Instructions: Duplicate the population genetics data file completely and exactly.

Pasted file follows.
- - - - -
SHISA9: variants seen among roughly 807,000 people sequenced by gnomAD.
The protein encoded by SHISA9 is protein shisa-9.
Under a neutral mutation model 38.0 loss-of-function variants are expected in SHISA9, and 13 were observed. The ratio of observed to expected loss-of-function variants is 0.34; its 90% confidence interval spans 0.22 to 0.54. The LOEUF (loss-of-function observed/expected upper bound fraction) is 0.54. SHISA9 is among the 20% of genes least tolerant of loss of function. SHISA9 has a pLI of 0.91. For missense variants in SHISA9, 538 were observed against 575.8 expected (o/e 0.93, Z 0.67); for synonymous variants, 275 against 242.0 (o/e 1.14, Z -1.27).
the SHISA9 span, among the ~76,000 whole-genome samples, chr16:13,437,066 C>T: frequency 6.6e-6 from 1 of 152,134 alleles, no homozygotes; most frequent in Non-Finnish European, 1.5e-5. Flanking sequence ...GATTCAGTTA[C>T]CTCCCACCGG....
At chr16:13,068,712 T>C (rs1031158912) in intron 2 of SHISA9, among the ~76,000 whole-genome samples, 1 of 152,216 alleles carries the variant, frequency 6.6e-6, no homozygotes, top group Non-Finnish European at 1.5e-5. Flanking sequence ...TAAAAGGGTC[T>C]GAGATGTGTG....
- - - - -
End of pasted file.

SHISA9: variants seen among roughly 807,000 people sequenced by gnomAD.
The protein encoded by SHISA9 is protein shisa-9.
Under a neutral mutation model 38.0 loss-of-function variants are expected in SHISA9, and 13 were observed. The ratio of observed to expected loss-of-function variants is 0.34; its 90% confidence interval spans 0.22 to 0.54. The LOEUF (loss-of-function observed/expected upper bound fraction) is 0.54. SHISA9 is among the 20% of genes least tolerant of loss of function. SHISA9 has a pLI of 0.91. For missense variants in SHISA9, 538 were observed against 575.8 expected (o/e 0.93, Z 0.67); for synonymous variants, 275 against 242.0 (o/e 1.14, Z -1.27).
the SHISA9 span, among the ~76,000 whole-genome samples, chr16:13,437,066 C>T: frequency 6.6e-6 from 1 of 152,134 alleles, no homozygotes; most frequent in Non-Finnish European, 1.5e-5. Flanking sequence ...GATTCAGTTA[C>T]CTCCCACCGG....
At chr16:13,068,712 T>C (rs1031158912) in intron 2 of SHISA9, among the ~76,000 whole-genome samples, 1 of 152,216 alleles carries the variant, frequency 6.6e-6, no homozygotes, top group Non-Finnish European at 1.5e-5. Flanking sequence ...TAAAAGGGTC[T>C]GAGATGTGTG....